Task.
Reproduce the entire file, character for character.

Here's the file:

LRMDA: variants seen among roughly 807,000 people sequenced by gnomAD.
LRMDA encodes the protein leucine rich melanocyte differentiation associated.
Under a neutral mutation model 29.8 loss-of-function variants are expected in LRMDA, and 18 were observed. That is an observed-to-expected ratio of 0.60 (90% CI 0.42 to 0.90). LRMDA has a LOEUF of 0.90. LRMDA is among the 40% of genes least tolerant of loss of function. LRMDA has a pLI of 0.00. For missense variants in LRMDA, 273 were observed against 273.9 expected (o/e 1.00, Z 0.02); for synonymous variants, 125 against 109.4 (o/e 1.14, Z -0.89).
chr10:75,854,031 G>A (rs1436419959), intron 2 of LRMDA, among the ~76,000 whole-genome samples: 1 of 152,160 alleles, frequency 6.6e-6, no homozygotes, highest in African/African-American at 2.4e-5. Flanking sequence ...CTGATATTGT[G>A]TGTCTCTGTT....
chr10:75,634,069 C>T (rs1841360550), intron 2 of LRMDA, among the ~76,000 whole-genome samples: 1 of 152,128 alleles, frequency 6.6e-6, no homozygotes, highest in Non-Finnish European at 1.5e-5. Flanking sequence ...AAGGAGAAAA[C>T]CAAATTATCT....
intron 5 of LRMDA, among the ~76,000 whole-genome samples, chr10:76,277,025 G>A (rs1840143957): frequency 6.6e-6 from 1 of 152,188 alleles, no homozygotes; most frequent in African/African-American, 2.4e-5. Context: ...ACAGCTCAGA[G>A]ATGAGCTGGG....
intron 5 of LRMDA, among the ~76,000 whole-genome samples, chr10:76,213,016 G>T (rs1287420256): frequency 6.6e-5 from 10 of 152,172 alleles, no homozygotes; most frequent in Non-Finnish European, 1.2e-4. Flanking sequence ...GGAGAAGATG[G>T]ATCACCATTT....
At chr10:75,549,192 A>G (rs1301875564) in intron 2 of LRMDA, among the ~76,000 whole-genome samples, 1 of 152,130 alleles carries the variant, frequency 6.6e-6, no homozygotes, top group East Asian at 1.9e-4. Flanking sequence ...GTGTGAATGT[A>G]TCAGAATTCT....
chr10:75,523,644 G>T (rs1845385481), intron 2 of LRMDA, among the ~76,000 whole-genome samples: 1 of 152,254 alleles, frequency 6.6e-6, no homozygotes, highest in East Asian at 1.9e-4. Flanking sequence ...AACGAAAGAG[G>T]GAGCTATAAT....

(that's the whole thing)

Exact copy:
LRMDA: variants seen among roughly 807,000 people sequenced by gnomAD.
LRMDA encodes the protein leucine rich melanocyte differentiation associated.
Under a neutral mutation model 29.8 loss-of-function variants are expected in LRMDA, and 18 were observed. That is an observed-to-expected ratio of 0.60 (90% CI 0.42 to 0.90). LRMDA has a LOEUF of 0.90. LRMDA is among the 40% of genes least tolerant of loss of function. LRMDA has a pLI of 0.00. For missense variants in LRMDA, 273 were observed against 273.9 expected (o/e 1.00, Z 0.02); for synonymous variants, 125 against 109.4 (o/e 1.14, Z -0.89).
chr10:75,854,031 G>A (rs1436419959), intron 2 of LRMDA, among the ~76,000 whole-genome samples: 1 of 152,160 alleles, frequency 6.6e-6, no homozygotes, highest in African/African-American at 2.4e-5. Flanking sequence ...CTGATATTGT[G>A]TGTCTCTGTT....
chr10:75,634,069 C>T (rs1841360550), intron 2 of LRMDA, among the ~76,000 whole-genome samples: 1 of 152,128 alleles, frequency 6.6e-6, no homozygotes, highest in Non-Finnish European at 1.5e-5. Flanking sequence ...AAGGAGAAAA[C>T]CAAATTATCT....
intron 5 of LRMDA, among the ~76,000 whole-genome samples, chr10:76,277,025 G>A (rs1840143957): frequency 6.6e-6 from 1 of 152,188 alleles, no homozygotes; most frequent in African/African-American, 2.4e-5. Context: ...ACAGCTCAGA[G>A]ATGAGCTGGG....
intron 5 of LRMDA, among the ~76,000 whole-genome samples, chr10:76,213,016 G>T (rs1287420256): frequency 6.6e-5 from 10 of 152,172 alleles, no homozygotes; most frequent in Non-Finnish European, 1.2e-4. Flanking sequence ...GGAGAAGATG[G>T]ATCACCATTT....
At chr10:75,549,192 A>G (rs1301875564) in intron 2 of LRMDA, among the ~76,000 whole-genome samples, 1 of 152,130 alleles carries the variant, frequency 6.6e-6, no homozygotes, top group East Asian at 1.9e-4. Flanking sequence ...GTGTGAATGT[A>G]TCAGAATTCT....
chr10:75,523,644 G>T (rs1845385481), intron 2 of LRMDA, among the ~76,000 whole-genome samples: 1 of 152,254 alleles, frequency 6.6e-6, no homozygotes, highest in East Asian at 1.9e-4. Flanking sequence ...AACGAAAGAG[G>T]GAGCTATAAT....